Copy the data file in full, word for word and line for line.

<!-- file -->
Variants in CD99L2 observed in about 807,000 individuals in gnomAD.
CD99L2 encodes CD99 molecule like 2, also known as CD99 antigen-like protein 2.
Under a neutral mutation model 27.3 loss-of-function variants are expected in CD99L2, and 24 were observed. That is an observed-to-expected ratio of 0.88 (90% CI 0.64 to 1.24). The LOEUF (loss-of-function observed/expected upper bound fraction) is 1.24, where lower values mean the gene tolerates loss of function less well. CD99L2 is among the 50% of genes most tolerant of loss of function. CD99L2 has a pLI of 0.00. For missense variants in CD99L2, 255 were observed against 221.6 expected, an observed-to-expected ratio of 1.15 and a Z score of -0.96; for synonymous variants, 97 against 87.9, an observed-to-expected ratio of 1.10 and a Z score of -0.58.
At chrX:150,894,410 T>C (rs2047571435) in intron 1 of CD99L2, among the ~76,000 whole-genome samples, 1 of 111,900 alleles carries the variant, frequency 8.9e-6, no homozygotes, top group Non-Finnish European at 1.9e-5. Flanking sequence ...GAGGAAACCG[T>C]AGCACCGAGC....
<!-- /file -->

Variants in CD99L2 observed in about 807,000 individuals in gnomAD.
CD99L2 encodes CD99 molecule like 2, also known as CD99 antigen-like protein 2.
Under a neutral mutation model 27.3 loss-of-function variants are expected in CD99L2, and 24 were observed. That is an observed-to-expected ratio of 0.88 (90% CI 0.64 to 1.24). The LOEUF (loss-of-function observed/expected upper bound fraction) is 1.24, where lower values mean the gene tolerates loss of function less well. CD99L2 is among the 50% of genes most tolerant of loss of function. CD99L2 has a pLI of 0.00. For missense variants in CD99L2, 255 were observed against 221.6 expected, an observed-to-expected ratio of 1.15 and a Z score of -0.96; for synonymous variants, 97 against 87.9, an observed-to-expected ratio of 1.10 and a Z score of -0.58.
At chrX:150,894,410 T>C (rs2047571435) in intron 1 of CD99L2, among the ~76,000 whole-genome samples, 1 of 111,900 alleles carries the variant, frequency 8.9e-6, no homozygotes, top group Non-Finnish European at 1.9e-5. Flanking sequence ...GAGGAAACCG[T>C]AGCACCGAGC....